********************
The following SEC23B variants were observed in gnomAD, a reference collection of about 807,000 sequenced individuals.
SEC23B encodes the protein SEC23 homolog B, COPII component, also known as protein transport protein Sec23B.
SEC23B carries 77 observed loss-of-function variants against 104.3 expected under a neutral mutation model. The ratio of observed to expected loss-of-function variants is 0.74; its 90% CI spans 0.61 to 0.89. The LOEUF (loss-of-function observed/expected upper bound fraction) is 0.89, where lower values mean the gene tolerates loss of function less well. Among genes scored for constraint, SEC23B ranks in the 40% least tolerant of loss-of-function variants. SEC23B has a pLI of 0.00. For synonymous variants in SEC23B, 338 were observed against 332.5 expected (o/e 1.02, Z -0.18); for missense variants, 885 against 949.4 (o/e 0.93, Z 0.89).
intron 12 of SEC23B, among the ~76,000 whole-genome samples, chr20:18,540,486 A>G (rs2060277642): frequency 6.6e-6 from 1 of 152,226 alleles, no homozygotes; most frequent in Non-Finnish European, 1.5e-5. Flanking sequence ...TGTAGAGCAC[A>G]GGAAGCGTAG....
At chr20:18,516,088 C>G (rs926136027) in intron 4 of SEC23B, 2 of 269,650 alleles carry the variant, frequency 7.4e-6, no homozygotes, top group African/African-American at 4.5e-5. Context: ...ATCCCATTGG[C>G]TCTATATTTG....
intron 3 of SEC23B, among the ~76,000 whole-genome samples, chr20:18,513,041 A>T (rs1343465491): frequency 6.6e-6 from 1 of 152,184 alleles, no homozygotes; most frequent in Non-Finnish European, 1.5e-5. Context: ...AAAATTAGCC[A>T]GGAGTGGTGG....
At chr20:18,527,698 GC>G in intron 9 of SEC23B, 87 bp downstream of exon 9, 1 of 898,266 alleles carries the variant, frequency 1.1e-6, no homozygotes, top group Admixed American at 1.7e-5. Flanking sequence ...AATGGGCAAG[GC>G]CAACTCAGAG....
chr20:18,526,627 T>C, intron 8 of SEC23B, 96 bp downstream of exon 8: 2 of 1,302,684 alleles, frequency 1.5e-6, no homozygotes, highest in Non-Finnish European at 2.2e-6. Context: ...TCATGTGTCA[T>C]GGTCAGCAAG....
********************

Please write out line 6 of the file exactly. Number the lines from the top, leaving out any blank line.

intron 3 of SEC23B, among the ~76,000 whole-genome samples, chr20:18,513,041 A>T (rs1343465491): frequency 6.6e-6 from 1 of 152,184 alleles, no homozygotes; most frequent in Non-Finnish European, 1.5e-5. Context: ...AAAATTAGCC[A>T]GGAGTGGTGG....